A new poll shows that a majority of voters have a negative view
of both Hillary Clinton and Donald Trump in the likely presidential matchup this November. A Washington Post-ABC News poll released Sunday finds the opinions break down like this: Clinton: 57 percent unfavorable; 41 percent favorable; Trump: 57 percent unfavorable: 40 percent favorable.
Forty-six percent of those voters with negative views of Clinton are "strongly unfavorable," while 45 percent said the same thing about Trump, according to the poll. The Washington Post goes on to report that never in the history of the Post-ABC poll have the two major party nominees been viewed as harshly.
So how did the two least popular candidates end up becoming the finalists?
The explanation is simple: If you expect your government to do unlikable things, then you'll dislike the candidates you elect to do those things.
Consider what a majority of Americans expect their government to do. The vast majority want education funded by the federal government. Do they like the results? Not particularly. But the only solution ever offered is to throw more money at the problem.
There's never a proposal to privatize education and leave it to the accountability and innovation of the marketplace. There's talk, at times, of ending the fascist-like Common Core program or shutting down the Department of Education. But would the people really allow this to happen?
The same goes for Medicare. Do people love the present state of healthcare?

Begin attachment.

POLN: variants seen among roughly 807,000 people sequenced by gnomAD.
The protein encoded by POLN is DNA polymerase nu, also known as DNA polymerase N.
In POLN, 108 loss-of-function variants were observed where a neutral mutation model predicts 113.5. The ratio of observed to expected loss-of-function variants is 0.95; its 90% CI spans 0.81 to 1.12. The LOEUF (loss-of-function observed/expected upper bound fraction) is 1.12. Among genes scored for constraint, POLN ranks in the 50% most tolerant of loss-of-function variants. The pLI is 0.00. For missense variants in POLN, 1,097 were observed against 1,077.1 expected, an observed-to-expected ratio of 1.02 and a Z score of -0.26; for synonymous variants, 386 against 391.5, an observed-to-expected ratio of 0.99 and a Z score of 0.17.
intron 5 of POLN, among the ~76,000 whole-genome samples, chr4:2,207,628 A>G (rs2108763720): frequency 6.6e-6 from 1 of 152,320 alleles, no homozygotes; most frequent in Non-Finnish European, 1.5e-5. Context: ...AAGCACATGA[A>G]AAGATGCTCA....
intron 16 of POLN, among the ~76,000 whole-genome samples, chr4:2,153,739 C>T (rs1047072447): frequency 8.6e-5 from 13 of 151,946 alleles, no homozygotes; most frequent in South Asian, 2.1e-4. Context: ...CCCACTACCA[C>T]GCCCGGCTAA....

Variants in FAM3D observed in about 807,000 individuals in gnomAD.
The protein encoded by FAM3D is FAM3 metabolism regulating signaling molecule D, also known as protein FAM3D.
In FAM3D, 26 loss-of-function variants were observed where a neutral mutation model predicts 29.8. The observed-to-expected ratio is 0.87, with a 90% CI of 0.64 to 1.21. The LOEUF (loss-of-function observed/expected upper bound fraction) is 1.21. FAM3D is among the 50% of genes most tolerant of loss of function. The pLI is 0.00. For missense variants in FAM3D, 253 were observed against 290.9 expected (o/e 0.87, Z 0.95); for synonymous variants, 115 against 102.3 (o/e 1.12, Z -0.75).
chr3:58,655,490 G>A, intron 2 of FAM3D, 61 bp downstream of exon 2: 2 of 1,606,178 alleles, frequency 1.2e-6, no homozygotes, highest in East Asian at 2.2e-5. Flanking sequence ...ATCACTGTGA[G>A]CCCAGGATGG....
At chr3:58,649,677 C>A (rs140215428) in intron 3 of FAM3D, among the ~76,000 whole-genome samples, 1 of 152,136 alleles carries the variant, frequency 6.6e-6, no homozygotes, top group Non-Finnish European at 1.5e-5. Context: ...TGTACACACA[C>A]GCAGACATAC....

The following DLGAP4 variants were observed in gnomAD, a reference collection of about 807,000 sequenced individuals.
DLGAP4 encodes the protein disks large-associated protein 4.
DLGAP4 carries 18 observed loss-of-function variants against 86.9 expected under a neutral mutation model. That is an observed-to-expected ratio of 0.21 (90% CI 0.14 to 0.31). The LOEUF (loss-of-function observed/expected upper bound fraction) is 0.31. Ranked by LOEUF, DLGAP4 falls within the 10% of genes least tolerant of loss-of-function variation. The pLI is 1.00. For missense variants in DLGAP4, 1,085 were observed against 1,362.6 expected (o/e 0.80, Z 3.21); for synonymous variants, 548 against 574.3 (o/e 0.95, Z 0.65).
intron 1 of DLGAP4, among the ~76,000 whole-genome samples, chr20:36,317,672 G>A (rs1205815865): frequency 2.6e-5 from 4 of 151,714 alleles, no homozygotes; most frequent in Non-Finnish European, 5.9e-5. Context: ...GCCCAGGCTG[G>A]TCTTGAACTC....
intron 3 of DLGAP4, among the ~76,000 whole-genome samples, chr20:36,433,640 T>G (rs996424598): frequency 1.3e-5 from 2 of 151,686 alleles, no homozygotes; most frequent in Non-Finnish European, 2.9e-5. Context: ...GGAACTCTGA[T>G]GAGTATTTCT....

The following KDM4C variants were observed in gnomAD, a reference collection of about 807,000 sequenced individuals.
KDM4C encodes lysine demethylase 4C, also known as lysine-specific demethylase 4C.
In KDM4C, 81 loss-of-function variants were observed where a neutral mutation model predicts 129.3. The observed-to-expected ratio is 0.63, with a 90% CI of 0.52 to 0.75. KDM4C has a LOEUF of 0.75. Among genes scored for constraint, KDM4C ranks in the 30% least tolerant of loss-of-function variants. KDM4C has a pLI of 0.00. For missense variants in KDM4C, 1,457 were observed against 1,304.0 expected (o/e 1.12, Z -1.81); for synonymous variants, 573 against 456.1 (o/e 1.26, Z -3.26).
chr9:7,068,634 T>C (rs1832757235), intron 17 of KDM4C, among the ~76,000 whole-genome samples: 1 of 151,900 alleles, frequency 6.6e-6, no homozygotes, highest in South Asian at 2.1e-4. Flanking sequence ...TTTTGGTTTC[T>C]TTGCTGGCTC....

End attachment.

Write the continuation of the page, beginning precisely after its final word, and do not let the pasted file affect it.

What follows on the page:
Not particularly. But don't you touch anyone's Medicare! Yes, the program is going bankrupt and is responsible for much of the rising federal debt. Medicare spends way more than it takes in; if it were a private insurance company, it would have been shut down long ago and its directors jailed for fraud.
The same goes for Social Security. But if any candidate for president even hinted at partially privatizing these programs, even for future generations, his or her unpopularity would make Trump and Clinton's look like nothing.
When you ask the government to do things it cannot competently do — and should not be doing, according to our own Constitution and Bill of Rights — then it stands to reason you will dislike the people you put in charge to do those things. Yes, you might think you want these things.
You might believe, in some vague kind of way, that the federal government "must" provide free education, free healthcare, guaranteed retirement, and all the other things that make our political system so corrupt and dysfunctional. But we can't face the truth: These programs are the problem.
Instead, we find other things to blame. We blame corrupt and indifferent politicians. Fair enough. But do most of us ever stop to consider these politicians are that way because we're asking them to do corrupt things, such as take money and property from some and give to others?
On top of which, we authorize them to raise the debt limit into infinity, something which has to result in some kind of financial disaster sooner or later?
There are plenty of legitimate complaints about Hillary Clinton or Donald Trump. But in a way, they're just the messengers. They're a reflection of our own evasion and ignorance, of our own refusal to face reality.
Frederic Bastiat, one of the greatest political thinkers, wrote, "Government is the great fiction, through which everybody endeavors to live at the expense of everybody else."
That's exactly what America has become. If we're to preserve and maintain that great fiction of something for nothing, we need politicians who will lie to us and steal from us.
No wonder we don't like them.
Michael J. Hurd, Ph.D., LCSW is a psychotherapist and author with a private practice in coastal Delaware. He is the author of “Bad Therapy, Good Therapy (and How to Tell the Difference).” For more of his reports, Go Here Now.
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